A Short History of the Bikini: A Wave-Making Fashion Hit Turns 70
What once-banned, now ubiquitous female summer poolside and seaside attire is celebrating a 70th birthday this month?
If you answered the bikini, you really are a dedicated follower of fashion.
The modern bikini debuted in France in July of 1946. It was the creative idea of Louis Reard, a French automotive and mechanical engineer. He was also running his mother’s lingerie business in Paris at the time.
The new swimsuit was so scandalous that Reard couldn’t find any models willing to wear his navel-exposing design at its debut press conference. Instead, Reard hired a 19-year-old nude dancer Micheline Bernardini to wear his string bikini. It consisted of four triangles made from 30 square inches of fabric printed with a newspaper pattern.
At the time, Reard heralded his creation as “smaller than the smallest bathing suit in the world.” He said he had named it after the Bikini Atoll, the site of the first nuclear device test just five days earlier.
Legend claims that the name was chosen because the bikini was as shocking as the explosion of an atom bomb. Reard said he selected the name because the Bikini Atoll where the atomic test took place and his creation were the same shape.
Although Reard’s design was to eventually conquer the world of fashion, he was actually about 20 years ahead of his time. Both the public and much of the press were shocked by the skimpy swimwear.
The Bikini is Banned and then Embraced
The Vatican moved quickly and declared the bikini sinful. It was banned in Spain, Portugal, and Italy, as well as many parts of France. In the even more Puritan America you could still get a citation for wearing a bikini in fashionable Hampton beach in the mid-1960s.
But with sexual mores and the status of women and freedom rapidly changing, the bikini slowly began its move into everyday life.
In 1953, French sex goddess Brigette Bardot helped popularize the bikini in Europe by wearing it on many French beaches during the Cannes Film Festival. Its rise to popularity was jump started when the first Bond Girl, Ursula Andress emerged from the sea wearing a white bikini.
The bikini began to gain acceptance in America when Annette Funicello (of wholesome Mickey Mouse Club fame) and her fellow bikini-clad teenage actresses began frolicking on the beaches in a widely popular series of California surf movies. In 1962, Playboy magazine featured a model in a bikini on its cover for the first time. Sports Illustrated followed two years later with its initial swimsuit issue, which featured a bikini-clad model on its cover.
In 1966, a sultry Raquel Welch appeared in a fur skin bikini in the film One Million Years B.C., a move which made her an instant star although she had only three lines in the film.
By the end of the 1967, an estimated 70 percent of young American girls were wearing bikinis at pools and beaches. The bikini was so popular worldwide that it was named one of the defining fashions of the decade.
Is the Bikini Empowering or Demeaning to Women?
Of course, with the later arrival of string bikinis and even tinier thong bottoms, the fashion and its wearers have still suffered setbacks from time to time. For example, in 2013, four women were arrested in Myrtle Beach, South Carolina for indecent exposure when they wore thong bikinis showing their buttocks.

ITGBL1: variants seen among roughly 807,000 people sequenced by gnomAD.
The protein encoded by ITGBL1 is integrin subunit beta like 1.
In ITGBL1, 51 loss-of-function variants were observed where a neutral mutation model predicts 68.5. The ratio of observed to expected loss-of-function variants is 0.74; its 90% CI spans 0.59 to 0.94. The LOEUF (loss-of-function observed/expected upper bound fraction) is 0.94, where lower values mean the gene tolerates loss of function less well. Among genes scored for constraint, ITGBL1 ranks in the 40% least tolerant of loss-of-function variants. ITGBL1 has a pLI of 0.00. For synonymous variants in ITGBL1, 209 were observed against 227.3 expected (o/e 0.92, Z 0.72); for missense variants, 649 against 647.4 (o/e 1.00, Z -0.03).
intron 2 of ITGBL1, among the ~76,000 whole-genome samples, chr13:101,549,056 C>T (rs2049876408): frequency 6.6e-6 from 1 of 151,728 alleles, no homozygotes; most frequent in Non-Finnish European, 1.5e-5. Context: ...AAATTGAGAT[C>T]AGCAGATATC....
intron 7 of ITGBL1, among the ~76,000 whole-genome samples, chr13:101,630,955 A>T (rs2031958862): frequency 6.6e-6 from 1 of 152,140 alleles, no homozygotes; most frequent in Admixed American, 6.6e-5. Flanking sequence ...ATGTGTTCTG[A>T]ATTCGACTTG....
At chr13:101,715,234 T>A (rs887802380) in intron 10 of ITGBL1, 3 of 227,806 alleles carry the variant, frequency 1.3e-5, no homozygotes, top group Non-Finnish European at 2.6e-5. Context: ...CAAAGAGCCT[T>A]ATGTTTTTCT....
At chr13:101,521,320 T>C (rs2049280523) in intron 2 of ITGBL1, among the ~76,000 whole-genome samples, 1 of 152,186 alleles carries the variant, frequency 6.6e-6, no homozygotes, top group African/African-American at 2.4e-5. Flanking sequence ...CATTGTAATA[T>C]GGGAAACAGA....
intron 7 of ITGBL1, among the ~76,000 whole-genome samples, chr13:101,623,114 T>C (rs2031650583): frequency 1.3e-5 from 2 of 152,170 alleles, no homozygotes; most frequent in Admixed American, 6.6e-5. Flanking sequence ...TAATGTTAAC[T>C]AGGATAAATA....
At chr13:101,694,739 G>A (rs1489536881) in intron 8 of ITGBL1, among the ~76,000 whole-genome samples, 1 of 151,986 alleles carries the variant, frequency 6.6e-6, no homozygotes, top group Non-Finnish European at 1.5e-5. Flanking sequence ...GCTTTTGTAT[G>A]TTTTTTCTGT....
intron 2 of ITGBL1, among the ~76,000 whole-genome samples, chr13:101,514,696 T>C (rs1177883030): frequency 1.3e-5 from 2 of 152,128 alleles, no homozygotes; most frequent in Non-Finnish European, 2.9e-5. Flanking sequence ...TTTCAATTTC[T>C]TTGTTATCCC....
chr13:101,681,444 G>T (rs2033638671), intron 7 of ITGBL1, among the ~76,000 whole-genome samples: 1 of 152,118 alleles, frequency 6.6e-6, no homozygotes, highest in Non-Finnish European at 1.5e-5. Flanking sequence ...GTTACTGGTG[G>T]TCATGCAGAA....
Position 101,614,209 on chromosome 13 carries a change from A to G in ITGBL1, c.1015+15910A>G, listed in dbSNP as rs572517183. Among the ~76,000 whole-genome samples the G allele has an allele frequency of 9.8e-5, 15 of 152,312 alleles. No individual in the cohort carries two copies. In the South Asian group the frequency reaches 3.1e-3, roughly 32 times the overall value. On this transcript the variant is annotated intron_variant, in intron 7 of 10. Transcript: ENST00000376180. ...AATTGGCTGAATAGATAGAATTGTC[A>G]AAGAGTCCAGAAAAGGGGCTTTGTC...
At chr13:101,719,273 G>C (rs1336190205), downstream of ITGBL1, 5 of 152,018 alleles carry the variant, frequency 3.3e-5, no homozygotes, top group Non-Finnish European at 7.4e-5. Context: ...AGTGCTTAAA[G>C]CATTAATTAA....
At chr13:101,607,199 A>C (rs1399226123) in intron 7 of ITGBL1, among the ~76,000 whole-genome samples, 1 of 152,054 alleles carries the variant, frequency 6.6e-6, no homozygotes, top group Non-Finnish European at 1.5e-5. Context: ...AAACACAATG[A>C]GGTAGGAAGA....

In that same year, the British watchdog agency Advertising Standards Authority banned a commercial that showed men in an office fantasizing about their female colleague, played by Pamela Anderson, in a bikini. The agency contended that the commercial was clearly degrading to women.
But with a 70-year history now behind it, it’s safe to assume that the bikini will be on the fashion scene far into the future.
Top 10 Bikinis in Pop Culture*
- Micheline Bernardini models the first-ever Bikini (1946)
- “Itsy Bitsy Teenie Weenie Yellow Polka Dot Bikini” (popular song in 1960)
- Annette Funicello and Beach Party (1960s)
- The belted Bond girl bikini of Dr. No (1962)
- Sports Illustrated’s first Swimsuit Issue (1964)
- Raquel Welch’s fur bikini in One Million Years B.C. (1966)
- Phoebe Cates’ Bikini in Fast Times at Ridgemont High (1982)
- Princess Leia’s gold bikini in Return of the Jedi (1983)
- The official uniform of the female Olympic beach-volleyball players (1996)
- Miss America pageant’s bikini debut (1997)
There are still people who believe the bikini is either morally unacceptable or demeaning to women. Others contend that the fashion is empowering because it allows women to display their body in a free manner of their choosing. I’d love to hear what you think about this debate!
Do you have any tales to tell from a time when you wore a bikini? We are in a period of redefining aging and what it means to be old. Do you think it is OK for a woman over 60 to wear a bikini if she chooses to do so?
Dave Price is a retired journalist and educator now establishing a freelance writing/speaking/consulting practice in Atlanta. He’s specializing in writing about the Baby Boom generation, classic rock, aging and grandparenting. He’s also publishing two for-fun blogs: one about writing and another one about he and his wife’s Southern experiences. Please visit Dave’s blog and follow his classic rock news posts on Facebook and Twitter.
*Source: TIME Magazine